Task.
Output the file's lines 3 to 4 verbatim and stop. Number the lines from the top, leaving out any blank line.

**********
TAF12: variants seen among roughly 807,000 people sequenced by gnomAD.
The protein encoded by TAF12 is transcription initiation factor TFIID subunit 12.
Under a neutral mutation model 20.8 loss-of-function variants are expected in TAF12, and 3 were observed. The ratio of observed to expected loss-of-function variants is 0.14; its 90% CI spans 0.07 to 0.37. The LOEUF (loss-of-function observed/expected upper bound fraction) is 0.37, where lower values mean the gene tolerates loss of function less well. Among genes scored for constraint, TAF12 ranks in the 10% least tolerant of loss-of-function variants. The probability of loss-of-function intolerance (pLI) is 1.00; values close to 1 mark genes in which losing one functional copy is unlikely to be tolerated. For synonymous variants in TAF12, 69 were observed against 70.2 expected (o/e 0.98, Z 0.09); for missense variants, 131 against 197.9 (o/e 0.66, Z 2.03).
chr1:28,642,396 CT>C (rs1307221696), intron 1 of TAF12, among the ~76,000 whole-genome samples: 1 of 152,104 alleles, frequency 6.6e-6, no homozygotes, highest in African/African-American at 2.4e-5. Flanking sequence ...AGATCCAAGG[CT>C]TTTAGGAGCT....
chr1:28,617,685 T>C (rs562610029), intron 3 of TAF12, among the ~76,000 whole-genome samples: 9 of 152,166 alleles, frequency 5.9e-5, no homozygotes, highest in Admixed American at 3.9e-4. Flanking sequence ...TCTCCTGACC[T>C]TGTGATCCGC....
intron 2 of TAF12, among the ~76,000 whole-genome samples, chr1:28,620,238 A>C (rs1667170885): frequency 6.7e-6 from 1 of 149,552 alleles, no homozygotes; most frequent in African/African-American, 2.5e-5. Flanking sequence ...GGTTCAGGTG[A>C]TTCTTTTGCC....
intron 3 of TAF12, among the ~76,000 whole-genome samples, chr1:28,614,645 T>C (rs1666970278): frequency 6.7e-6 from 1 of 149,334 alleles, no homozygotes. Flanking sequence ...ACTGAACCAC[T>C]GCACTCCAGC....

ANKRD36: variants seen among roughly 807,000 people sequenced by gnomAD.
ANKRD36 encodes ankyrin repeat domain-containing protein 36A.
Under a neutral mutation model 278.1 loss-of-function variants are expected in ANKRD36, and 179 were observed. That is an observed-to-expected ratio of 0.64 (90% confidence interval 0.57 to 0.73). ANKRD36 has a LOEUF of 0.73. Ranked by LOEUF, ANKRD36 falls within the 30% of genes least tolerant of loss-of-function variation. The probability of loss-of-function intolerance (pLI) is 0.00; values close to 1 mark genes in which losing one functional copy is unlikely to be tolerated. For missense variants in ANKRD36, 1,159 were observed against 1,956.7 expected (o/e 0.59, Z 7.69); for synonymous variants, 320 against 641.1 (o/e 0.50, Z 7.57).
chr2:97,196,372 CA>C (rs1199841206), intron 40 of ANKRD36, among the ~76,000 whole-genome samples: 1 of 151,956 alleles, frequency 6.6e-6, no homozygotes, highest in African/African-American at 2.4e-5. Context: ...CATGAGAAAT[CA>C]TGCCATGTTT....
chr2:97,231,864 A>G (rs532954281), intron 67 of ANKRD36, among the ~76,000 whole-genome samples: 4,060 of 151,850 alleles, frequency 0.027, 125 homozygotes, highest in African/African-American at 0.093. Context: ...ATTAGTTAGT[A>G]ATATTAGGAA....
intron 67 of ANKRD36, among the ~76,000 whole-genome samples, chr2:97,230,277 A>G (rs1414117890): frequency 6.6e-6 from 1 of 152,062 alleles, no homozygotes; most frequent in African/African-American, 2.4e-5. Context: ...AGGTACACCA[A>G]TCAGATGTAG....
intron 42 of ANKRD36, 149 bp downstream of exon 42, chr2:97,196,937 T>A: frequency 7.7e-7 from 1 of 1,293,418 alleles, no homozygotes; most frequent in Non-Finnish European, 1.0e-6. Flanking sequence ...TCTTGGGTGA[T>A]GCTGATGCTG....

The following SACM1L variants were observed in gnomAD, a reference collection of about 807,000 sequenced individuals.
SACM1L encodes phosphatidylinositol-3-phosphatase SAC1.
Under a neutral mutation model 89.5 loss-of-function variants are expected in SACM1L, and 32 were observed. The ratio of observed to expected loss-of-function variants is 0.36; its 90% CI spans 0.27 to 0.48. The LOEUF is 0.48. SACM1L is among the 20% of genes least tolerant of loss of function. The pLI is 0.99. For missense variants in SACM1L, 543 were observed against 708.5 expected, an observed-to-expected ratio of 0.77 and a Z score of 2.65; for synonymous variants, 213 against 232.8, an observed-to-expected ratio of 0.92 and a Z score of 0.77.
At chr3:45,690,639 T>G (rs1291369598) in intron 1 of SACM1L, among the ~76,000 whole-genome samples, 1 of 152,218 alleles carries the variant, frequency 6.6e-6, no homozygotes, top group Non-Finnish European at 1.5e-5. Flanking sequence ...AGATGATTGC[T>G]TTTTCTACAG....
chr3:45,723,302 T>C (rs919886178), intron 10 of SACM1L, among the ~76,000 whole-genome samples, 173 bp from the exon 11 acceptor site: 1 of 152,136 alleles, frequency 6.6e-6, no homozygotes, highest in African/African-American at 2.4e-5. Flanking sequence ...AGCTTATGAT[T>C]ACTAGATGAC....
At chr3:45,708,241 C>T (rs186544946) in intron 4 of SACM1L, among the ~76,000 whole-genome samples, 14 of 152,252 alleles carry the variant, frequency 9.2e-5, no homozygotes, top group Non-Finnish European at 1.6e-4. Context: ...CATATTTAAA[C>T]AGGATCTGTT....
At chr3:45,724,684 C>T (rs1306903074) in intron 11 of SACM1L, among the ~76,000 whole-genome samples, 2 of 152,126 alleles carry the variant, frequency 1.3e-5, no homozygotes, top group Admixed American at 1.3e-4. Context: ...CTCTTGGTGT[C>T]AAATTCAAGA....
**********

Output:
Under a neutral mutation model 20.8 loss-of-function variants are expected in TAF12, and 3 were observed. The ratio of observed to expected loss-of-function variants is 0.14; its 90% CI spans 0.07 to 0.37. The LOEUF (loss-of-function observed/expected upper bound fraction) is 0.37, where lower values mean the gene tolerates loss of function less well. Among genes scored for constraint, TAF12 ranks in the 10% least tolerant of loss-of-function variants. The probability of loss-of-function intolerance (pLI) is 1.00; values close to 1 mark genes in which losing one functional copy is unlikely to be tolerated. For synonymous variants in TAF12, 69 were observed against 70.2 expected (o/e 0.98, Z 0.09); for missense variants, 131 against 197.9 (o/e 0.66, Z 2.03).
chr1:28,642,396 CT>C (rs1307221696), intron 1 of TAF12, among the ~76,000 whole-genome samples: 1 of 152,104 alleles, frequency 6.6e-6, no homozygotes, highest in African/African-American at 2.4e-5. Flanking sequence ...AGATCCAAGG[CT>C]TTTAGGAGCT....